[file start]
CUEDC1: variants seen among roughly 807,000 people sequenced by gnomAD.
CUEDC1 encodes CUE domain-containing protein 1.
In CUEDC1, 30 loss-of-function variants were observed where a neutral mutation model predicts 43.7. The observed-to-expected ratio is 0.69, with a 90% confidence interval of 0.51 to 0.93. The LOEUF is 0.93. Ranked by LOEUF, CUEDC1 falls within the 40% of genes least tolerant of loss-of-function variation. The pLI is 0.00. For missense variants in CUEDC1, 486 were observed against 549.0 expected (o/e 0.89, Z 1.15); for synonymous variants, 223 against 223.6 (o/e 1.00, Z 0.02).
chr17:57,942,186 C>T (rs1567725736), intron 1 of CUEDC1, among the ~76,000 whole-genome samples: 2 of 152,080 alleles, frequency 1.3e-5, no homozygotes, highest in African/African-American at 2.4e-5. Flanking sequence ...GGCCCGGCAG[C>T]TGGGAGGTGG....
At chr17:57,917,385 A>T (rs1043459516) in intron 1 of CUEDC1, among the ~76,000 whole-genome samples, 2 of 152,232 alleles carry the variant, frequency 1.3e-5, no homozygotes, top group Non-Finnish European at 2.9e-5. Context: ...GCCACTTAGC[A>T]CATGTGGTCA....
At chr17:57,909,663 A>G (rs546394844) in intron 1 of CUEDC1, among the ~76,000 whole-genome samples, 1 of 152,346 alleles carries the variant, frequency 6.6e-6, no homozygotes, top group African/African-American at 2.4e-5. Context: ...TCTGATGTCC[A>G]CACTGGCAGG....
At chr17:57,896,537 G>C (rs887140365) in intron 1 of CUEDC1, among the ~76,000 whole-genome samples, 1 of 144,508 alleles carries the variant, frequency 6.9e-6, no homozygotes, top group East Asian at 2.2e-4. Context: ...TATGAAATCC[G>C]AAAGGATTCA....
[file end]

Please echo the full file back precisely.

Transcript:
CUEDC1: variants seen among roughly 807,000 people sequenced by gnomAD.
CUEDC1 encodes CUE domain-containing protein 1.
In CUEDC1, 30 loss-of-function variants were observed where a neutral mutation model predicts 43.7. The observed-to-expected ratio is 0.69, with a 90% confidence interval of 0.51 to 0.93. The LOEUF is 0.93. Ranked by LOEUF, CUEDC1 falls within the 40% of genes least tolerant of loss-of-function variation. The pLI is 0.00. For missense variants in CUEDC1, 486 were observed against 549.0 expected (o/e 0.89, Z 1.15); for synonymous variants, 223 against 223.6 (o/e 1.00, Z 0.02).
chr17:57,942,186 C>T (rs1567725736), intron 1 of CUEDC1, among the ~76,000 whole-genome samples: 2 of 152,080 alleles, frequency 1.3e-5, no homozygotes, highest in African/African-American at 2.4e-5. Flanking sequence ...GGCCCGGCAG[C>T]TGGGAGGTGG....
At chr17:57,917,385 A>T (rs1043459516) in intron 1 of CUEDC1, among the ~76,000 whole-genome samples, 2 of 152,232 alleles carry the variant, frequency 1.3e-5, no homozygotes, top group Non-Finnish European at 2.9e-5. Context: ...GCCACTTAGC[A>T]CATGTGGTCA....
At chr17:57,909,663 A>G (rs546394844) in intron 1 of CUEDC1, among the ~76,000 whole-genome samples, 1 of 152,346 alleles carries the variant, frequency 6.6e-6, no homozygotes, top group African/African-American at 2.4e-5. Context: ...TCTGATGTCC[A>G]CACTGGCAGG....
At chr17:57,896,537 G>C (rs887140365) in intron 1 of CUEDC1, among the ~76,000 whole-genome samples, 1 of 144,508 alleles carries the variant, frequency 6.9e-6, no homozygotes, top group East Asian at 2.2e-4. Context: ...TATGAAATCC[G>C]AAAGGATTCA....